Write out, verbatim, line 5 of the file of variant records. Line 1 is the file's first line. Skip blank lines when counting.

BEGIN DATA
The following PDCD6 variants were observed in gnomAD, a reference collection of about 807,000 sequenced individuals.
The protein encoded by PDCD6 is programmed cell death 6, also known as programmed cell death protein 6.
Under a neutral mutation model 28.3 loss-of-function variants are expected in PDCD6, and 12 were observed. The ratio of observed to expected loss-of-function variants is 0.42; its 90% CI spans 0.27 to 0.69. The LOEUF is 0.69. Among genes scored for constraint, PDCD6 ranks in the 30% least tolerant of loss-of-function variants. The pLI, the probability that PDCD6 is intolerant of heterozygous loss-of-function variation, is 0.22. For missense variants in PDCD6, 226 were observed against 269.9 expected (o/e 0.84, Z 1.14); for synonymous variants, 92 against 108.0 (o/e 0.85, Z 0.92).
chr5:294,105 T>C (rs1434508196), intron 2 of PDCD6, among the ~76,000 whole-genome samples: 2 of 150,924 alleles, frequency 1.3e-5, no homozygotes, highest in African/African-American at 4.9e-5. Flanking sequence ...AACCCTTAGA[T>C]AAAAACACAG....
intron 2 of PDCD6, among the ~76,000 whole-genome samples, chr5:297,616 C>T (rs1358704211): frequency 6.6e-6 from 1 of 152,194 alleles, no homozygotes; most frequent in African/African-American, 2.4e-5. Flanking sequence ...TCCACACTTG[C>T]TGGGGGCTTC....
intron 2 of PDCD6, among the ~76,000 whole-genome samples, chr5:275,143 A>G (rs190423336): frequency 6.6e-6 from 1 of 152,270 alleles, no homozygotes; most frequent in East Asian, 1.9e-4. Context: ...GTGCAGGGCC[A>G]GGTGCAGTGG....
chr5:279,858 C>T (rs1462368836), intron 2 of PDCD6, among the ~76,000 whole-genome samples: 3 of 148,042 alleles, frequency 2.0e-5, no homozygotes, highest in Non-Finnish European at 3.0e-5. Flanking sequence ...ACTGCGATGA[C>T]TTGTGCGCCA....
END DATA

intron 2 of PDCD6, among the ~76,000 whole-genome samples, chr5:297,616 C>T (rs1358704211): frequency 6.6e-6 from 1 of 152,194 alleles, no homozygotes; most frequent in African/African-American, 2.4e-5. Flanking sequence ...TCCACACTTG[C>T]TGGGGGCTTC....